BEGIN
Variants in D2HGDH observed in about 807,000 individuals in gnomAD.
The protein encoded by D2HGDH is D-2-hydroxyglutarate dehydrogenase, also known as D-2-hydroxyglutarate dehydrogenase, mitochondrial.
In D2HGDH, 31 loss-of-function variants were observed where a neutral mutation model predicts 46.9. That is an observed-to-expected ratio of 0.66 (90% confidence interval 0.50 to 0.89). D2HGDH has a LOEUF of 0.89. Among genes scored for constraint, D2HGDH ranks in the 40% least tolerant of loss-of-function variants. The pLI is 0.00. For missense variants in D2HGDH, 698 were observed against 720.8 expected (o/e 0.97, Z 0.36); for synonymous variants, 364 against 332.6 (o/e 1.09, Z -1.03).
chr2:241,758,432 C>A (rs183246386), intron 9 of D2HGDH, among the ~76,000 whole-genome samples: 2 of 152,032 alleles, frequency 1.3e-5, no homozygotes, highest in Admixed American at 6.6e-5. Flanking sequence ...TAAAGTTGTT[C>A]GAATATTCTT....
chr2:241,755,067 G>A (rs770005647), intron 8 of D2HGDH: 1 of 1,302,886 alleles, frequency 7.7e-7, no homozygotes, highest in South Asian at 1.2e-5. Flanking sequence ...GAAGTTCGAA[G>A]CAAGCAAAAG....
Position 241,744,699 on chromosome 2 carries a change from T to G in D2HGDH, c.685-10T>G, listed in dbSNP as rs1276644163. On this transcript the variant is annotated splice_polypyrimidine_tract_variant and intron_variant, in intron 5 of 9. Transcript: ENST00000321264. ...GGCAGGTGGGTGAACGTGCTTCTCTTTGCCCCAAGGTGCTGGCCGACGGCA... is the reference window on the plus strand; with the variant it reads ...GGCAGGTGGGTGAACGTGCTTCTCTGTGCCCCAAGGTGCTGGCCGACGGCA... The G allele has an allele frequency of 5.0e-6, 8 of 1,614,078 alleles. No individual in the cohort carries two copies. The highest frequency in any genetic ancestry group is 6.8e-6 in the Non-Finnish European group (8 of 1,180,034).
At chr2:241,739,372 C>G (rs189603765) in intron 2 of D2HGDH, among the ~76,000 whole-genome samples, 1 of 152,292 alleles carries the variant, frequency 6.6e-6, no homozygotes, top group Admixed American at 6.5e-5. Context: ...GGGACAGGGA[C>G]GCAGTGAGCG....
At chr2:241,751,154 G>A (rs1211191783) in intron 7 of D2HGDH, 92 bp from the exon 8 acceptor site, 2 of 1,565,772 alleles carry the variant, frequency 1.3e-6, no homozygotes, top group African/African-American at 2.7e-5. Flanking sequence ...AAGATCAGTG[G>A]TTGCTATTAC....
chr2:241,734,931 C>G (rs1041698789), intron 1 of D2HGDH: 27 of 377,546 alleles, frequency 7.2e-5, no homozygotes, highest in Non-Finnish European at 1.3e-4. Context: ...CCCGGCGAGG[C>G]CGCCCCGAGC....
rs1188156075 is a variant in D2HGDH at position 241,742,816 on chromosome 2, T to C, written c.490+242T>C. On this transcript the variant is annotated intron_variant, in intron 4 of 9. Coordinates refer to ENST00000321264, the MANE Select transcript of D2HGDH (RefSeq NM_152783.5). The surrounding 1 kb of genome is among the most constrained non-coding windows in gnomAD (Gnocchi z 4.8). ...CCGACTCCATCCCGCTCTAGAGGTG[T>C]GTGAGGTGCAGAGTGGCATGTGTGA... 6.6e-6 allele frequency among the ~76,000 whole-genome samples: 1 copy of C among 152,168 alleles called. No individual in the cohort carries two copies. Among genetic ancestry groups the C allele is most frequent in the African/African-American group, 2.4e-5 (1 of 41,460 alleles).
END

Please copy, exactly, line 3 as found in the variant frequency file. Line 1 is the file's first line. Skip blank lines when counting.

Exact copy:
In D2HGDH, 31 loss-of-function variants were observed where a neutral mutation model predicts 46.9. That is an observed-to-expected ratio of 0.66 (90% confidence interval 0.50 to 0.89). D2HGDH has a LOEUF of 0.89. Among genes scored for constraint, D2HGDH ranks in the 40% least tolerant of loss-of-function variants. The pLI is 0.00. For missense variants in D2HGDH, 698 were observed against 720.8 expected (o/e 0.97, Z 0.36); for synonymous variants, 364 against 332.6 (o/e 1.09, Z -1.03).